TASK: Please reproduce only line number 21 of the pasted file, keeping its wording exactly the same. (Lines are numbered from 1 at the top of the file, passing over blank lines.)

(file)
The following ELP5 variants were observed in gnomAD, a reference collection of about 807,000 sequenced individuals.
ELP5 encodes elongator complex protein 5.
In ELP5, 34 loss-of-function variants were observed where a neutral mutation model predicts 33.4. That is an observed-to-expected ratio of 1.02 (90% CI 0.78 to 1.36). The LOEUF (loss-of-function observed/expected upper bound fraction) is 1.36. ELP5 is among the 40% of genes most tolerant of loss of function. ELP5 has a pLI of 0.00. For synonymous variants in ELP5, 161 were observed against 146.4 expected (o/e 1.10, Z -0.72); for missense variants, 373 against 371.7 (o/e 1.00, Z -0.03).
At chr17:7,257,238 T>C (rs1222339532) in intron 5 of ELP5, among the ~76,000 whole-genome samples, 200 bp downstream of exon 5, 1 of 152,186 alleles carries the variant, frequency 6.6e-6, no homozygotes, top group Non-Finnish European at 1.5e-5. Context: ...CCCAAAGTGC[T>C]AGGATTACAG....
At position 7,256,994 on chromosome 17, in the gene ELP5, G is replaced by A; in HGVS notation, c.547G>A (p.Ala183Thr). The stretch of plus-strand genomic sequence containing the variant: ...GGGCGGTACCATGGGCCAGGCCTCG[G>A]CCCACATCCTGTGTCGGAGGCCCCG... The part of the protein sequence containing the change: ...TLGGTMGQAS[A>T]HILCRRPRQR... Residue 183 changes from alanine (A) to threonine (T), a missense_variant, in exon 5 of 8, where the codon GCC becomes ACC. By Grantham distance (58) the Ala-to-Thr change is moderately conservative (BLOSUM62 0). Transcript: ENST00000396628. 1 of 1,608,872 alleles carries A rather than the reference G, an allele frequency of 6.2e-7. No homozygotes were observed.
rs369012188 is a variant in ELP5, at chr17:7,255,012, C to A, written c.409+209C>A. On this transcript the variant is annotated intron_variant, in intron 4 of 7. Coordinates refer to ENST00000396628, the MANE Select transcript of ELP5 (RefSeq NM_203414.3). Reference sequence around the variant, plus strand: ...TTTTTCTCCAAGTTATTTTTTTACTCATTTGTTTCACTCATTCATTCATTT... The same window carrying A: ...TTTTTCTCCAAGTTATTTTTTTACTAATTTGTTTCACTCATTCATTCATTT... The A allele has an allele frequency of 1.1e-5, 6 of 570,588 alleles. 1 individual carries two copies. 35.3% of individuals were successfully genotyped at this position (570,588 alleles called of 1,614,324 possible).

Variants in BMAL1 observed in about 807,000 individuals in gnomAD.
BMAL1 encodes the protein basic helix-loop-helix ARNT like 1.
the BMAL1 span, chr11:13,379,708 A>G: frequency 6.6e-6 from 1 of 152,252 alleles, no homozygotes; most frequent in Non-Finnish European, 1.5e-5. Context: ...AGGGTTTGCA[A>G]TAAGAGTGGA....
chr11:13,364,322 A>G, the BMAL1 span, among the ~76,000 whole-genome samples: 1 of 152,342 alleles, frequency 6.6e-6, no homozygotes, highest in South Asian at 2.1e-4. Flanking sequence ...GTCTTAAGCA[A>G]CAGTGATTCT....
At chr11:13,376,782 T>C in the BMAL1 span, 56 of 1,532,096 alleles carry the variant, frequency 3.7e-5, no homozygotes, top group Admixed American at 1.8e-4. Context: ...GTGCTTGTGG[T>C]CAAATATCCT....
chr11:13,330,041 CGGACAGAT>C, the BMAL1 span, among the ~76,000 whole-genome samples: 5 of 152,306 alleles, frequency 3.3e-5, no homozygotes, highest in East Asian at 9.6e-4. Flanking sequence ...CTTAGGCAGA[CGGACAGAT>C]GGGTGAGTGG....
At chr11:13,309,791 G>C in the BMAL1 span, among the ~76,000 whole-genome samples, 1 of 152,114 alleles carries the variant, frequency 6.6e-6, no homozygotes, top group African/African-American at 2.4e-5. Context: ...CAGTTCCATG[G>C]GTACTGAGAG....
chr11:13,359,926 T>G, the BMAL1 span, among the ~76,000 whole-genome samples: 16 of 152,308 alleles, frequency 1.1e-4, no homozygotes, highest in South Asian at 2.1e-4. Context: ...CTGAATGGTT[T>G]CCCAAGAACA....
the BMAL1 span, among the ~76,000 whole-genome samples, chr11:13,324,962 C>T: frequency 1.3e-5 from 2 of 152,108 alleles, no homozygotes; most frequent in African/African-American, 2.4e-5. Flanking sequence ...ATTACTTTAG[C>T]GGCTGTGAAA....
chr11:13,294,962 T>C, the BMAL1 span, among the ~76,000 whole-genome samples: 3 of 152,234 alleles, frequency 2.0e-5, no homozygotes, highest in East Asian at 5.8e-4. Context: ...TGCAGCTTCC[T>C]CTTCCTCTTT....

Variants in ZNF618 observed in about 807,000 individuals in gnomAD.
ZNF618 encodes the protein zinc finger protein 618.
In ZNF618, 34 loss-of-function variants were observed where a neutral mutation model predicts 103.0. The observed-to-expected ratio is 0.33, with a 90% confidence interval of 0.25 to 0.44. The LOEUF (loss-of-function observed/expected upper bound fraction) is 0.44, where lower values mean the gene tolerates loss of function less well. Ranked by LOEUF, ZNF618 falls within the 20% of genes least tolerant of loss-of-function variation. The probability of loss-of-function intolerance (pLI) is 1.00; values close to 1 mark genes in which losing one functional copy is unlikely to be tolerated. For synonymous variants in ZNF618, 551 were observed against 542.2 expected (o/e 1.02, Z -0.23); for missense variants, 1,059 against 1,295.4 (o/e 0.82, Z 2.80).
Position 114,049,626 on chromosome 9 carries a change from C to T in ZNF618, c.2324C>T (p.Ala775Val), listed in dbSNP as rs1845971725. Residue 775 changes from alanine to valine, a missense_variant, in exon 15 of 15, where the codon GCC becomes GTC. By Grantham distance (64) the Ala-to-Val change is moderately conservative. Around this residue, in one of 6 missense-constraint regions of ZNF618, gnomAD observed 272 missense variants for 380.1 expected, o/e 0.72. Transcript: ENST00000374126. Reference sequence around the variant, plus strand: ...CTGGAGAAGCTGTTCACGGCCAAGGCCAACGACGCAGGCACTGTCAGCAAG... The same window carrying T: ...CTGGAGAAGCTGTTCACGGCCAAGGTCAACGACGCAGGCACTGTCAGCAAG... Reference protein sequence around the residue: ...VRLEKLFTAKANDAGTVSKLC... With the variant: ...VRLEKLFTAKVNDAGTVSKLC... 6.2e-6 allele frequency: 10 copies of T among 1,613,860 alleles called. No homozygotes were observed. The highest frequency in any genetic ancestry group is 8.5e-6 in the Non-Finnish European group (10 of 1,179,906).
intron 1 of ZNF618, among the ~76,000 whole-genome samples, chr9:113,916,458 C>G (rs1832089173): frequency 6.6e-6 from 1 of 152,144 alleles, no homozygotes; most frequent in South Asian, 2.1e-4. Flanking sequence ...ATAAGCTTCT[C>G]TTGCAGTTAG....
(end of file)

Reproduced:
intron 1 of ZNF618, among the ~76,000 whole-genome samples, chr9:113,916,458 C>G (rs1832089173): frequency 6.6e-6 from 1 of 152,144 alleles, no homozygotes; most frequent in South Asian, 2.1e-4. Flanking sequence ...ATAAGCTTCT[C>G]TTGCAGTTAG....